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Thursday, February 6, 2014

A Recap of Month 1, Writing for HuffPo



In the last month, I’ve had the honor and pleasure of writing regularly for The Huffington Post. For the moment, I’m writing on a smattering of topics that include mental health, men’s health, and the arts. Since not everyone is on Facebook, Twitter, or G+ I’ve decided to post parts of the first two articles here plus one bonus, which is the German translation of the first article that made it all the way to HuffPo Deutschland. In the coming months I'll be writing about the intersection of faith and mental health, more on the business side of the arts, and some TBDs. 
Thanks for reading this first month... and here goes: 
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Real Men Talk About Their Feelings -- For Real
Men are willing to talk about the size of their prostate glands, or how much Viagra they're allowed to take, but they're still not willing to be open about their mental health.
If men want to live long, healthy and productive lives it's absolutely crucial that the dialogue surrounding men's mental health has to change.
I lost my father Douglas to suicide in 2009. Douglas lost his father Haakon to suicide in 1966. Each suffered from undiagnosed mental disorders and each suffered in silence because of the stigma surrounding men talking about and getting help for mental illness.
Haakon was dealing with post-traumatic stress disorder after having been shot down in Hamburg, Germany, in 1941. Douglas may have been clinically depressed for a very long time, but... READ MORE HERE
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How to Create a Long-Term Legacy -- As the Protagonist of Your Own Story
When writing a play or book, there's always a least one character who qualifies as the story's protagonist. Some like to think of the protagonist as the hero of the story. For others, the protagonist is the chief, the principal or the title role. At some point very near to the beginning of the play, this main character should clearly state or imply what it is that they want and how they intend to get it. To amplify the drama and to make for a compelling tale for the audience or reader, it is our job as the writer to beat up on the protagonist and put obstacles in their way of getting what they want.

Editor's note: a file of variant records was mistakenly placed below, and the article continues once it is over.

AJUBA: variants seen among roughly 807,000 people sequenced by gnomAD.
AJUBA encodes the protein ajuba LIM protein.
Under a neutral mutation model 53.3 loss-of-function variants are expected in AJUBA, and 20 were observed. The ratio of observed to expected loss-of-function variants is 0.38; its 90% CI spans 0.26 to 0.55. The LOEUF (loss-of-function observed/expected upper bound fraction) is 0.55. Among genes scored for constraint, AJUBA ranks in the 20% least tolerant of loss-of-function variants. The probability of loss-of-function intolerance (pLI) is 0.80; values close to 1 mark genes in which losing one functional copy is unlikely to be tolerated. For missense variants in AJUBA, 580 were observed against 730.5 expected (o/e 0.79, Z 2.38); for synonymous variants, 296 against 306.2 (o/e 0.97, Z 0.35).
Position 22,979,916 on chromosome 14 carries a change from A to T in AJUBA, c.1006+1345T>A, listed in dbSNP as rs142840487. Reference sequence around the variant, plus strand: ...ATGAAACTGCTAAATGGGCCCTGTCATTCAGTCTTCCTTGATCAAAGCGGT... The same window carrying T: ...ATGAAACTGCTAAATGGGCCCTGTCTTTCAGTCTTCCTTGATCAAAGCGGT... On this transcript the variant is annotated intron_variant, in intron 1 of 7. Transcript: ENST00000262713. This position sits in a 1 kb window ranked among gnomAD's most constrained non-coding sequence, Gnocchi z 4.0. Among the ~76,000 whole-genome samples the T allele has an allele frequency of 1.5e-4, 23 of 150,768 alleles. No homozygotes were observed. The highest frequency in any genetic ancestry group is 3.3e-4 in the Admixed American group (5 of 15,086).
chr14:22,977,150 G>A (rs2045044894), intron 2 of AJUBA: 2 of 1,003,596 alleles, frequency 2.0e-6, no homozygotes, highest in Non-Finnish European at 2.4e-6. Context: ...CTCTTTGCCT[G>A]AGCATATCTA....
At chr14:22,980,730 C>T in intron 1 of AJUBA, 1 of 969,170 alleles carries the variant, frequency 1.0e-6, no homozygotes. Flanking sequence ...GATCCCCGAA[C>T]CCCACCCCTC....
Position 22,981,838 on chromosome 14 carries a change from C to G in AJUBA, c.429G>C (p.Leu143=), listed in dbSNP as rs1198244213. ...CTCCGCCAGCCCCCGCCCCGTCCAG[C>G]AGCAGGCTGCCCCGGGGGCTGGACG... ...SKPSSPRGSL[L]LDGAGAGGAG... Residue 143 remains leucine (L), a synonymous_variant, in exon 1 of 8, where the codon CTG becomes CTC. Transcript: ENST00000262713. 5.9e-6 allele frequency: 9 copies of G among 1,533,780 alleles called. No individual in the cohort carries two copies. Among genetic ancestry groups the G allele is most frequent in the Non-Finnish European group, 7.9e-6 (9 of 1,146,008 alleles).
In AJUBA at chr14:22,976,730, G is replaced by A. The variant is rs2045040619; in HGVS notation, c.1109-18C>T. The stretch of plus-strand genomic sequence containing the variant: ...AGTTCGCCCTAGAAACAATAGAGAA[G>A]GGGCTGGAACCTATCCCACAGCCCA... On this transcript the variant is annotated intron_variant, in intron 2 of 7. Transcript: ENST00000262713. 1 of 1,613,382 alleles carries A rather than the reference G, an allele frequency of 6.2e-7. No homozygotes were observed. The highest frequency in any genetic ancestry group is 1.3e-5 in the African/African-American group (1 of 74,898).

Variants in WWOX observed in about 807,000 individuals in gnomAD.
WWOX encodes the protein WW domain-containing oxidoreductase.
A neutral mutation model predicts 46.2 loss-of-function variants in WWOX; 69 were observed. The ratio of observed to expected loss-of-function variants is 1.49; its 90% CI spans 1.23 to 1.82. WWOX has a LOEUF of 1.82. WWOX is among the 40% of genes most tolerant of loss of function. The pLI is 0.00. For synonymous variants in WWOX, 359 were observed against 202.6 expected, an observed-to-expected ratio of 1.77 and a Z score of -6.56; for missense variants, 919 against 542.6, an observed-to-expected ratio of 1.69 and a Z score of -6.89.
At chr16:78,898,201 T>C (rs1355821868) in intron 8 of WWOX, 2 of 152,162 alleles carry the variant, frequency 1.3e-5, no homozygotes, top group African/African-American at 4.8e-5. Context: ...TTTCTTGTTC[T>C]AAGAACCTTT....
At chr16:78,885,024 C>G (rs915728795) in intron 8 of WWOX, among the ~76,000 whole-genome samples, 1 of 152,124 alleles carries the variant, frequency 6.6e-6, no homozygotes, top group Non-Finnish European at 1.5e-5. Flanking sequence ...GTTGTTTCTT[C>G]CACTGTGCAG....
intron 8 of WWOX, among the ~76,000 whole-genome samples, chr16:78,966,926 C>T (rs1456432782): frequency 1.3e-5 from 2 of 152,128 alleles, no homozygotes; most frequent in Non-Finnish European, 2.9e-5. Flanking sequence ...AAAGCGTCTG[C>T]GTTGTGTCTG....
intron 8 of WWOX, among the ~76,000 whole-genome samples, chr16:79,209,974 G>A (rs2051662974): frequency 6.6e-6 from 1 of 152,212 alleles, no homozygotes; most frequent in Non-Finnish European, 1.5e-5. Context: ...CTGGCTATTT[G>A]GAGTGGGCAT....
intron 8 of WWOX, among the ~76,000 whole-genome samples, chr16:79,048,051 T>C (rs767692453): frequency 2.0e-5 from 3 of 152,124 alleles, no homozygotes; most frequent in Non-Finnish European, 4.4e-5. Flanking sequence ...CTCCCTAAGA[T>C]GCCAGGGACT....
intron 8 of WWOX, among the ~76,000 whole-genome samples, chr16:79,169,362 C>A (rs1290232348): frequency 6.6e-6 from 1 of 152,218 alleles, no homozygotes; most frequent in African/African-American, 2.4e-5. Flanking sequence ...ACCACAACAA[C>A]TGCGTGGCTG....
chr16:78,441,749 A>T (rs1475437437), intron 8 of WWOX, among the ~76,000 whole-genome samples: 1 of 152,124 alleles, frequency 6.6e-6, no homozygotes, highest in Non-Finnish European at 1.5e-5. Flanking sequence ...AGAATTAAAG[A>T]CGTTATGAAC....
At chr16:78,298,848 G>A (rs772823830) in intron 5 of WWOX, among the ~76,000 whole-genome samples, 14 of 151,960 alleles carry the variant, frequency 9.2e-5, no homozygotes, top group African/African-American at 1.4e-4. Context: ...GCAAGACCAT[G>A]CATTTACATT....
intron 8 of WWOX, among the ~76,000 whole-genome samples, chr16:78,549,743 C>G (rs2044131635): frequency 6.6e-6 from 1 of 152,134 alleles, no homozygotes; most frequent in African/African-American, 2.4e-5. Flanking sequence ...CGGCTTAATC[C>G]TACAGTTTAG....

When writing scenes and dialogue, it is imperative to think about how each component furthers the storyline along. Does each written moment move the protagonist closer or further away from their goal or initial want? (There are no right answers here, just as long as you know where you're going.) But just because you can write snappy dialogue between four characters at once, or you're great at writing comedic foils, it doesn't necessarily mean it belongs in the piece you're writing. If you can make it flow, great, but shoving a square peg into a round hole doesn't do anyone any good.
The same goes with life and your legacy. The work you take on, the people you spend time with, the relationships that you enter -- do any or all of these further your personal story along, or are they a hinderance? READ MORE HERE
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Depression: Echte Kerle reden über ihre Gefühle
Für Männer ist die Größe ihrer Prostata kein Tabuthema, auch nicht wie viele Viagras sie nehmen dürfen, aber wehe es geht um ihre geistige Gesundheit - da machen sie dicht.
Dabei ist genau dies der Schlüssel zu einem langen und produktiven Leben und daher muss sich die ganze Art ändern, mit der wir über die psychische Probleme von Männern reden. 
Mein Vater Douglas hat 2009 Selbstmord begangen. Sein Vater Haakon beging 1966 Selbstmord. Beide litten unter nicht diagnostizierten psychischen Erkrankungen und beide versuchten dies mit sich selbst auszumachen. Die Gesellschaft ließ nicht zu, dass Männer über Geisteskrankheiten redeten, geschweigen denn Hilfe dafür suchten.
Haakon war im ersten Weltkrieg 1941 über Hamburg abgeschossen worden und litt deswegen an einem Posttraumatischen Stresssyndrom. Ich glaube, dass Douglas schon lange klinisch depressiv war, aber dass meine Mutter die Scheidung einreichte, war der Auslöser (nicht der Grund) dafür, dass er sich das Leben nahm. READ MORE HERE